A team of professors and students at the University of Wyoming has identified an unusual belt of igneous rocks that stretches more than 2,000 miles from British Columbia, Canada, through Idaho, Montana, Nevada, southeastern California and Arizona to Sonora, Mexico.
“Scientists typically associate long belts of igneous rocks with chains of volcanoes in subduction zones such as Mount Shasta, Hood, St. Helens and Rainer,” says Jay Chapman, UW associate professor of geology and geophysics.
“What makes this discovery so interesting and mysterious is that this belt of igneous rocks is much further inland, away from the edge of the continent, and contains no evidence of volcanic formation. In fact, all of the melting that produced the igneous rocks originally took place deep underground, five to 10 miles below the surface.”
Chapman is the lead author of a paper titled “The North American Cordillera Anatectic Belt,” which was published in Earth-Science Reviews.
One of the keys to unraveling the origin of the belt of igneous rocks is that these rocks formed mostly between 80 and 50 million years ago, during a mountainous growth called the Laramide orogeny.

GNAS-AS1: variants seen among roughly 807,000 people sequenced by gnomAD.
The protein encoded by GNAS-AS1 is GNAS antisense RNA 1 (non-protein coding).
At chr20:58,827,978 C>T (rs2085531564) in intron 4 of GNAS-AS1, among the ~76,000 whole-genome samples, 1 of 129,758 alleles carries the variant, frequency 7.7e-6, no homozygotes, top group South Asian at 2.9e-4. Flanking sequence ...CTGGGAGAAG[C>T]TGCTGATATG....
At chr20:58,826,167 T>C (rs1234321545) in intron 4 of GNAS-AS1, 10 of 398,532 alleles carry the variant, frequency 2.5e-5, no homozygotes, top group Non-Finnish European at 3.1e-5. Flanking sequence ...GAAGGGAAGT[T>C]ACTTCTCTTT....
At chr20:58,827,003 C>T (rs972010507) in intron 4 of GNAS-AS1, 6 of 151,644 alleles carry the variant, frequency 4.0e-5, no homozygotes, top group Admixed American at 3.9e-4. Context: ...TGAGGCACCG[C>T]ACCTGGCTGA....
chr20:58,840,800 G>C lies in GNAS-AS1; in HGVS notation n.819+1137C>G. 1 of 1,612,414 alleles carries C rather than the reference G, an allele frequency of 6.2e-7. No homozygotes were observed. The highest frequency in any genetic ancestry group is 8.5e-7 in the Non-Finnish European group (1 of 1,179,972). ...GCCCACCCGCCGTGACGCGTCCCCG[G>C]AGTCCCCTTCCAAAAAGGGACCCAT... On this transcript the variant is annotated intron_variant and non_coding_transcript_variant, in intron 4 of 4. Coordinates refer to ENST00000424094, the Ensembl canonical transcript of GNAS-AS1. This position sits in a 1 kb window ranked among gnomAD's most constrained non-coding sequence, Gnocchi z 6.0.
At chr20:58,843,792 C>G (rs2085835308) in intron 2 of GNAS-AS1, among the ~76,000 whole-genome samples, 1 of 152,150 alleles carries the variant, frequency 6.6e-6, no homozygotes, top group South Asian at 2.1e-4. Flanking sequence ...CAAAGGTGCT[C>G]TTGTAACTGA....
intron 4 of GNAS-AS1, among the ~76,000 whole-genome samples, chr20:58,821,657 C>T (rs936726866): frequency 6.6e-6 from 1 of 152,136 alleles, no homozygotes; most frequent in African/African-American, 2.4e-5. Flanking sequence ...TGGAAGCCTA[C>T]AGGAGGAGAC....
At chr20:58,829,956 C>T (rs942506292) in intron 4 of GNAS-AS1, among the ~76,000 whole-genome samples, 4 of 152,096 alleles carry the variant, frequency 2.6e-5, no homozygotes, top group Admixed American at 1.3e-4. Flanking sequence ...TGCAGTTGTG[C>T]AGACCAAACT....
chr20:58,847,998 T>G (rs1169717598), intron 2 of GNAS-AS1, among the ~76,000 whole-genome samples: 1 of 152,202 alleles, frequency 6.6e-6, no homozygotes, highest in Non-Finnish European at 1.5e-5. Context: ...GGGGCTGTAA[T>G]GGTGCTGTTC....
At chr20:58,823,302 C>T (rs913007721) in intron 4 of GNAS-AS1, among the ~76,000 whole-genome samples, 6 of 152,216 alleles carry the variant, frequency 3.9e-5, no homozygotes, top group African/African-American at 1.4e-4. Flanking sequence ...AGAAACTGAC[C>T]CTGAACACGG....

“The Laramide orogenite created most of the large mountain ranges we have in Wyoming, and the name comes from the Laramie Range,” Chapman says. “Although there are no igneous rocks of this type and age in these mountains, we suspect that the tectonic processes that created these mountains also contributed to the melting of the Earth’s crust.”
Researchers have several working hypotheses about what caused the rocks to melt. One hypothesis is that water penetrated deep into the Earth’s crust.
“The geochemistry of these rocks shows that the melting may have occurred at relatively low temperatures, below 800 degrees Celsius,” says Jesse Shields, a UW graduate student in Minneapolis, Minnesota, who is working to solve the mystery. “It’s still very hot, but not hot enough to form very large amounts of magma. Water lowers the melting point of rocks, similar to the way salt lowers the melting point of ice, and can increase the amount of magma that forms.”
This work has implications for what causes rocks to melt and where specific types of magma can be found.
“Many of the magmatic systems in the study area contain economically important ore deposits,” says Runyon, who specializes in ore deposits. “Understanding the large-scale magmatic processes that form these provinces will help us better understand how ore deposits form and better explore natural resources.”